A Dutch researcher recently acknowledged around 21 vulnerabilities in solar panel equipment in Spain, allowing computer hackers to target electricity grids. Willem Westerhof, who is a cyber-security researcher at ITsec, defined these susceptibilities at the SHA2017 security conference in the Netherlands.
The flaws were found in inverters, which are supposed to convert electricity produced by solar panels. If connected to internet, these security flaws makes it easy for the hackers to target the electricity grids. Although, manufacturers accepted that only a small portion of their devices were affected. Willem carried out a field test at the inverters manufactured by a German company SMA Solar Technology, which had photo voltaic (PV) fittings connected to the power grid besides their accessories contains the security flaw making it possible for the hacker to remotely control the devices and change the flow of power.
Hackers to Gain Power Control
He told that there is above 90 GigaWatts of PV power installed in Europe. If the attacker controls the flow of power from many of these devices, it could cause fluctuations of quite a lot of GW, triggering huge balancing issues leading to extensive power outages. Since energy devices on the grid requires to balance supply with demand, straining the system can result in a power cut or blackouts.
He warned that if a hacker executes these attacks successfully on a large scale, it is expected to have serious consequences as the power grid instability will cost billions of euros, impacting millions of lives. In response to the claims, SMA Solar technology exclaimed the vulnerability of only four of its models and advised the users to change the default passwords when the models were installed. The company further added that since the inverters are not connected to the internet, there is no requirement of doing so.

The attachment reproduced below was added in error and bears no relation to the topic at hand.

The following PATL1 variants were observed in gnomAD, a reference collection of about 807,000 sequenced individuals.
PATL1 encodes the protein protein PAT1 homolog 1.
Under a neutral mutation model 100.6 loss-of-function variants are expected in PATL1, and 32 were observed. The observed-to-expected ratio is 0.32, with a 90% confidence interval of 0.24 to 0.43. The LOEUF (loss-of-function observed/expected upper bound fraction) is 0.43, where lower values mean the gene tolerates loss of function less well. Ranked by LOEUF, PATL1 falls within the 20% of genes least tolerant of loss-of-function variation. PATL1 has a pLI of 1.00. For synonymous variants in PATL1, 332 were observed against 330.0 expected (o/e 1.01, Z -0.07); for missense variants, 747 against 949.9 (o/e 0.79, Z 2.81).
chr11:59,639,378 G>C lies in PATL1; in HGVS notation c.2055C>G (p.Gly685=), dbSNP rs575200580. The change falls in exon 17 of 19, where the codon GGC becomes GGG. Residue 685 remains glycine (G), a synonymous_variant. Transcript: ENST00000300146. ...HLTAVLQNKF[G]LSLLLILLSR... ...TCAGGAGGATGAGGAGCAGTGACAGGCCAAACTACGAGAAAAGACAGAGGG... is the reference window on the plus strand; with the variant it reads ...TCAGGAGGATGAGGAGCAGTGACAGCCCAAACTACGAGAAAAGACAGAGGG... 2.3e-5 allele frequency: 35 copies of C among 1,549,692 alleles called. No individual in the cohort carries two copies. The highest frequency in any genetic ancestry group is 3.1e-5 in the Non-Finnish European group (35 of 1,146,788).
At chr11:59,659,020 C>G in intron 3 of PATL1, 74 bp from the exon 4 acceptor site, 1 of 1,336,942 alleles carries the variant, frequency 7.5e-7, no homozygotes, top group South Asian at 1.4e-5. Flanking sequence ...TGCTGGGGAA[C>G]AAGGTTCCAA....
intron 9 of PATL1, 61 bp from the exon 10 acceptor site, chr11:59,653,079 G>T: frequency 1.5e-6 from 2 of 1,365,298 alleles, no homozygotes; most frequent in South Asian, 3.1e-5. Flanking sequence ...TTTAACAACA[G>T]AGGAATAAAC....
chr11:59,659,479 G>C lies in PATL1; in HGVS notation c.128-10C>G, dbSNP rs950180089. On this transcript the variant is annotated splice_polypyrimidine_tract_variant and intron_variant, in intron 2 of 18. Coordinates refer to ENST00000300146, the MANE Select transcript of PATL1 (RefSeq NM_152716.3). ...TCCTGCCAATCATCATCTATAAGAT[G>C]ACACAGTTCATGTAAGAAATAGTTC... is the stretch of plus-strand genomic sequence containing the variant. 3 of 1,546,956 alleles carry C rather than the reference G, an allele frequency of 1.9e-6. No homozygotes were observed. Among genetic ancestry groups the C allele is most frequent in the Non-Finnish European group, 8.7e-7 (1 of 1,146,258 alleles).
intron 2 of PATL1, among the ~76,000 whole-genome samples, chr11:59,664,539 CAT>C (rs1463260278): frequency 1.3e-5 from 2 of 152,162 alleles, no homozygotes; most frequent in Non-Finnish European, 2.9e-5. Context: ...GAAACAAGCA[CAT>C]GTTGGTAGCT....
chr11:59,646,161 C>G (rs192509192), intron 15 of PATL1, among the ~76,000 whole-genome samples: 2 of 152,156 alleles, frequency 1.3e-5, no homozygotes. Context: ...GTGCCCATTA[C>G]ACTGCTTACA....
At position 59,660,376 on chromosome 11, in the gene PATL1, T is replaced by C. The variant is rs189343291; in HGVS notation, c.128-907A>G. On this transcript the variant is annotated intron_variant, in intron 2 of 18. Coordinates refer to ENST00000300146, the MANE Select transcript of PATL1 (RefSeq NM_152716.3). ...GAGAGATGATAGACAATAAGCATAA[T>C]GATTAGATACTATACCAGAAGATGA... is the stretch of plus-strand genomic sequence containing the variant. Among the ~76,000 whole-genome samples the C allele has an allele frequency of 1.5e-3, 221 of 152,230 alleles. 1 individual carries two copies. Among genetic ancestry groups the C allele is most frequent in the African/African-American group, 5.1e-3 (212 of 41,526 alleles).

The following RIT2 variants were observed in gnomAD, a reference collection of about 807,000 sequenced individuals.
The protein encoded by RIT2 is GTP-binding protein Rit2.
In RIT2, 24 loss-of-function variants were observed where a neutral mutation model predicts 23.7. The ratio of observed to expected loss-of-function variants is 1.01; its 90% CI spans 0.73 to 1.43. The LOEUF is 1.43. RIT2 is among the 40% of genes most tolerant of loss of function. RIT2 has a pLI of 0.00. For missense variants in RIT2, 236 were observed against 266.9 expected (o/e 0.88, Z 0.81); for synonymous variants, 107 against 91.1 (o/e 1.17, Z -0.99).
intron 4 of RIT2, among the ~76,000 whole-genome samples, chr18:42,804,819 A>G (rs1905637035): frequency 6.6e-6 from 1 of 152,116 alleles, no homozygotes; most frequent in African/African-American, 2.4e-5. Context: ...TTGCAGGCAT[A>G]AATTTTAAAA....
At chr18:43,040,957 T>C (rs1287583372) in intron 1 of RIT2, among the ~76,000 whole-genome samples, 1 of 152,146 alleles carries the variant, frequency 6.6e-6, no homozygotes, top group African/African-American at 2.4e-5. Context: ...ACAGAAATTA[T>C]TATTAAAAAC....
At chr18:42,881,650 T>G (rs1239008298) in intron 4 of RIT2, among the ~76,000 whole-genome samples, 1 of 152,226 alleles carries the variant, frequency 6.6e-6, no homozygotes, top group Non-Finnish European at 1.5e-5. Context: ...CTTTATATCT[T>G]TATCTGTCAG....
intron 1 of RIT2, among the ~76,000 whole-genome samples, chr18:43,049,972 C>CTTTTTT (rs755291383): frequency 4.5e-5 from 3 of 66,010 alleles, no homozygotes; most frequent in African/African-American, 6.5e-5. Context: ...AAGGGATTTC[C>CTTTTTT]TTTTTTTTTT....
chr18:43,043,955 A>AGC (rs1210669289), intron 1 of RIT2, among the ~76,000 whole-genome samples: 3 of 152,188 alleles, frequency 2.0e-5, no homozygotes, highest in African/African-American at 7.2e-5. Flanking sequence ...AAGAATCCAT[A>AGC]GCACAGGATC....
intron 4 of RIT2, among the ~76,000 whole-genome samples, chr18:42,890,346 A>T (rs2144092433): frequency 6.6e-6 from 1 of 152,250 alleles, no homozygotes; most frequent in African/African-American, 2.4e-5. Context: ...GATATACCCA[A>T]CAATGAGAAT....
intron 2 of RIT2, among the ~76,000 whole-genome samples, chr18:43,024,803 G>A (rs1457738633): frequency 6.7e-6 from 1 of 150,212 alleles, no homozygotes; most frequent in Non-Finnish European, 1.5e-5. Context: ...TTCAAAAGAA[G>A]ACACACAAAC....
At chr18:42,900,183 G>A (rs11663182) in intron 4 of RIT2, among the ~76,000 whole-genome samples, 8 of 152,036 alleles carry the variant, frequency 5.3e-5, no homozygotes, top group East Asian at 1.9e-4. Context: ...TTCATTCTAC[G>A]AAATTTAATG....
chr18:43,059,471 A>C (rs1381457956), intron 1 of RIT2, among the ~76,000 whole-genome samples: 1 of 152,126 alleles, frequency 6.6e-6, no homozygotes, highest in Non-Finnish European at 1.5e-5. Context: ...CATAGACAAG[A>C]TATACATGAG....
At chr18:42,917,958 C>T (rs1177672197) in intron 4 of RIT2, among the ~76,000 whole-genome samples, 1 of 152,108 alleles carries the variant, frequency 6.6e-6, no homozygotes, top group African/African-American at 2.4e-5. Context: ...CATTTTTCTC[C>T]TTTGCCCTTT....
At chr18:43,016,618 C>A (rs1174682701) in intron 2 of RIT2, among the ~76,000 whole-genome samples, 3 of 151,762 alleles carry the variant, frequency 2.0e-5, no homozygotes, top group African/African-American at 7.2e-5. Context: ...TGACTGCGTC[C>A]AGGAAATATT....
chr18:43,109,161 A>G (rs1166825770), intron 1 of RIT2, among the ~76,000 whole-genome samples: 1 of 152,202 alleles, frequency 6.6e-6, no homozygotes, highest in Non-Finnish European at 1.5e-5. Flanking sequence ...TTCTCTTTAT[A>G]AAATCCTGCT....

Partnering with Dutch Cyberforces
The German company is also working on a report to publish in response to the accusation by teaming up with the Dutch National Cyber Security Centre, and is determined to correct the issues addressed.
Cyber-security researchers at F-Secure have also confirmed the attacks were real, although, also agreed with SMA that not all inverters are susceptible to such attacks. They also mentioned that manufacturers seems to be pushing away from their responsibility by asking users to change the password. Westerhof learned about these security flaws while working on an undergraduate thesis, and later decided not to issue full details to avoid encouraging spiteful hackers.